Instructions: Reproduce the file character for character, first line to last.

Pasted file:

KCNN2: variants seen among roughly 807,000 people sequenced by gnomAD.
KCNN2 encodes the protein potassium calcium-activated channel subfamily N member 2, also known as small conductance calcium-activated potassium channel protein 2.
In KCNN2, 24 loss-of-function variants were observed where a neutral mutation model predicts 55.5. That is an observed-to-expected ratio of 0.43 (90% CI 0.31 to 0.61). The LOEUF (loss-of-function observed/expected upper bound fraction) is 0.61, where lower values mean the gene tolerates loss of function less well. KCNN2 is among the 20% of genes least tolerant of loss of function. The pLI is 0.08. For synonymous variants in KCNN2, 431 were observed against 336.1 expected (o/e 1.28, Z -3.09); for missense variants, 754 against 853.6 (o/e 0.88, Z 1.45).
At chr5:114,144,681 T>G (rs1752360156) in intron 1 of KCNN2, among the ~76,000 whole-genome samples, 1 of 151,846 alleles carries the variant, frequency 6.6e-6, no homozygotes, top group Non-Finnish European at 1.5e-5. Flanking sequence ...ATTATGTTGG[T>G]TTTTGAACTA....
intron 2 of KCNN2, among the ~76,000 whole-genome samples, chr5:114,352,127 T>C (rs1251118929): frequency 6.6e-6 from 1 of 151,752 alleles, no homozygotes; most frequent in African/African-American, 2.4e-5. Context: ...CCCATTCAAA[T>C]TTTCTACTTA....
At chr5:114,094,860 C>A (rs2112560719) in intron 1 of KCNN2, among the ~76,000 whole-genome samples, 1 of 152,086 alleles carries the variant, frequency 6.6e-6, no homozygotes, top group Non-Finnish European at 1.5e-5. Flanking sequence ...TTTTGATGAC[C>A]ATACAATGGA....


KCNN2: variants seen among roughly 807,000 people sequenced by gnomAD.
KCNN2 encodes the protein potassium calcium-activated channel subfamily N member 2, also known as small conductance calcium-activated potassium channel protein 2.
In KCNN2, 24 loss-of-function variants were observed where a neutral mutation model predicts 55.5. That is an observed-to-expected ratio of 0.43 (90% CI 0.31 to 0.61). The LOEUF (loss-of-function observed/expected upper bound fraction) is 0.61, where lower values mean the gene tolerates loss of function less well. KCNN2 is among the 20% of genes least tolerant of loss of function. The pLI is 0.08. For synonymous variants in KCNN2, 431 were observed against 336.1 expected (o/e 1.28, Z -3.09); for missense variants, 754 against 853.6 (o/e 0.88, Z 1.45).
At chr5:114,144,681 T>G (rs1752360156) in intron 1 of KCNN2, among the ~76,000 whole-genome samples, 1 of 151,846 alleles carries the variant, frequency 6.6e-6, no homozygotes, top group Non-Finnish European at 1.5e-5. Flanking sequence ...ATTATGTTGG[T>G]TTTTGAACTA....
intron 2 of KCNN2, among the ~76,000 whole-genome samples, chr5:114,352,127 T>C (rs1251118929): frequency 6.6e-6 from 1 of 151,752 alleles, no homozygotes; most frequent in African/African-American, 2.4e-5. Context: ...CCCATTCAAA[T>C]TTTCTACTTA....
At chr5:114,094,860 C>A (rs2112560719) in intron 1 of KCNN2, among the ~76,000 whole-genome samples, 1 of 152,086 alleles carries the variant, frequency 6.6e-6, no homozygotes, top group Non-Finnish European at 1.5e-5. Flanking sequence ...TTTTGATGAC[C>A]ATACAATGGA....